We’ve only been waiting a few minutes when Tanner pulls the green and white Pontiac up to the front of the hospital. He hops out of the car, his teeth glistening in the dim light of dusk. Soon, I’ll be the one who makes his smile go away.
He opens the passenger door for Olvie. “Miss,” he says, ushering her inside like a real chauffer.
“How many dents and scratches did you put on Pontiac?” she says.
“Only one.” He smiles. “Buffed out easy as pie.”
Olvie lets out a hoomph. “Think you’re funny, don’t you Wise Guy?”
“Yes’m. Sometimes, my funny bone pops out an’ jes’ makes the white folk laugh.”
“Stop talking like Elias. Your uncle thinks he’s living on some plantation in Mississippi picking cotton for his Master.”
Tanner starts the car and pulls away from the hospital. “Uncle Elias’ Roots are still in his ancestors cotton field. And it’s Massa, not Master.”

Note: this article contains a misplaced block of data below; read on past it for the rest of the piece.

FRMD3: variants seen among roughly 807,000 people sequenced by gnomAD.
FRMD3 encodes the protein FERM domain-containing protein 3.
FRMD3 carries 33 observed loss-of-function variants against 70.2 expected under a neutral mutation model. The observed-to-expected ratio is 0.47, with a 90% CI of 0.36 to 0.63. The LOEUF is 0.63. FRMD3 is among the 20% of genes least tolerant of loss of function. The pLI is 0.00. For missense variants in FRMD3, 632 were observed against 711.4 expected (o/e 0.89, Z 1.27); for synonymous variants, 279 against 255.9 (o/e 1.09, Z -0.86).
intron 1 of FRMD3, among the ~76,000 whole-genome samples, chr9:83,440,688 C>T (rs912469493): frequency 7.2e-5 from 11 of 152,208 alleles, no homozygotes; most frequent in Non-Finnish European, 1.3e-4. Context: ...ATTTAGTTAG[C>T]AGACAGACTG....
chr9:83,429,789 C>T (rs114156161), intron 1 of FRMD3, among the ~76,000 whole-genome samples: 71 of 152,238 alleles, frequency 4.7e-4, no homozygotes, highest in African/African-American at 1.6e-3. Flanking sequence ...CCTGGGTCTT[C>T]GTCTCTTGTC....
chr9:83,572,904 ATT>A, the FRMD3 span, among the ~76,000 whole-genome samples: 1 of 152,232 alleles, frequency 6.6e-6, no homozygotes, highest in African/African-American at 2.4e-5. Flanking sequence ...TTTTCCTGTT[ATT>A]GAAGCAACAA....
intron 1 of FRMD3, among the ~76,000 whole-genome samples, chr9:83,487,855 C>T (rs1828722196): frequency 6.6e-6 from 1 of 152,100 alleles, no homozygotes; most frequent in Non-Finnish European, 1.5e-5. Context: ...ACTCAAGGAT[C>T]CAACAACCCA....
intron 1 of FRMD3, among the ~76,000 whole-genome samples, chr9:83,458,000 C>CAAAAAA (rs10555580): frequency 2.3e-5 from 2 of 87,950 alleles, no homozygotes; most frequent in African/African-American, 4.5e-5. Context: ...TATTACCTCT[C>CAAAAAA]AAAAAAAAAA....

I catch Tanner smiling at me through the rear view mirror.
“Don’t you dare stink up my car with slave dialect,” Olvie snarls.
“As long as you don’t dress me up in a moo-moo or as an Injun.”
“Don’t be crude, Wise Guy. I’ll have you know that Fritz is no ordinary Indian.”
“That’s for sure,” Tanner mutters.
Olvie huffs. “He’s an Indian Chief, and don’t you forget it.”
“How do you know Fritz likes being a Chief?,” he continues. “Maybe he just wants to be a mannequin.”
“Why you!” Olvie squeaks.
“Okay, maybe he liked being a Churman and wearing those lederhosen.”
“Shows what you know. The German Fritz got tired of thinking about the damn Nazis’.”
If I hadn’t watched the news, hearing their banter would have put me in a state of euphoria. Tanner seems totally happy, almost like a new person. But, knowing what I know, nothing in the world is funny.
Excerpt from my Work in Process, Olvie and Chicken Coop (working title), set in 1963 during segregation.